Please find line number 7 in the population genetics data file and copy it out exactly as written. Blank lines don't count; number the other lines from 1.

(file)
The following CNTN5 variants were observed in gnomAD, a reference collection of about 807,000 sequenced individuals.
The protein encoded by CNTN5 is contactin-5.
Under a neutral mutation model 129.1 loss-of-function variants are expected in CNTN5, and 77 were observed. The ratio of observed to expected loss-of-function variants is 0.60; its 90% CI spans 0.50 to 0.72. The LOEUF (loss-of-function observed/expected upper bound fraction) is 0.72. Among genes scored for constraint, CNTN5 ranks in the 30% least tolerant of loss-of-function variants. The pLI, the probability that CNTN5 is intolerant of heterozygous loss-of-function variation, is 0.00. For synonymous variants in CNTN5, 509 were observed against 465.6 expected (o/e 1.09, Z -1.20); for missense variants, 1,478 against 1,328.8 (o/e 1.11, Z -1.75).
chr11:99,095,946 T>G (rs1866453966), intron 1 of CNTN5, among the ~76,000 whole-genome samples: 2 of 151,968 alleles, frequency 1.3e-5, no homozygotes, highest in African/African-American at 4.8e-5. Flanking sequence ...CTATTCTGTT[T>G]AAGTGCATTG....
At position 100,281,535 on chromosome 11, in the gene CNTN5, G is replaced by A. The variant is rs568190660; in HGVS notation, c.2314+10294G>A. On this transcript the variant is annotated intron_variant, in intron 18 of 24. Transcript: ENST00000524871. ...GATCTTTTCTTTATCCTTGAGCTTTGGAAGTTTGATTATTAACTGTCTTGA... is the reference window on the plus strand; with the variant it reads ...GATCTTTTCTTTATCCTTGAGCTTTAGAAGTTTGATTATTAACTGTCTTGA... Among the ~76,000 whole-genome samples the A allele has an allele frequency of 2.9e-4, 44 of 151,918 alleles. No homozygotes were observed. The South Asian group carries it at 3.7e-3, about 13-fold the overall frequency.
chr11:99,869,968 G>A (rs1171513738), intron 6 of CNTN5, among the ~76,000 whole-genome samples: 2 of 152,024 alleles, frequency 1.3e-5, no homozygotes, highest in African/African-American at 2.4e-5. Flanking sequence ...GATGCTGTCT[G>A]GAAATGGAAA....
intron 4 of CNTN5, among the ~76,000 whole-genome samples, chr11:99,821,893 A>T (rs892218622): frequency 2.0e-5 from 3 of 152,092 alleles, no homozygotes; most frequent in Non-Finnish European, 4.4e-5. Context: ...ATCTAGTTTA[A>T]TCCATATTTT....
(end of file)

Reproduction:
intron 4 of CNTN5, among the ~76,000 whole-genome samples, chr11:99,821,893 A>T (rs892218622): frequency 2.0e-5 from 3 of 152,092 alleles, no homozygotes; most frequent in Non-Finnish European, 4.4e-5. Context: ...ATCTAGTTTA[A>T]TCCATATTTT....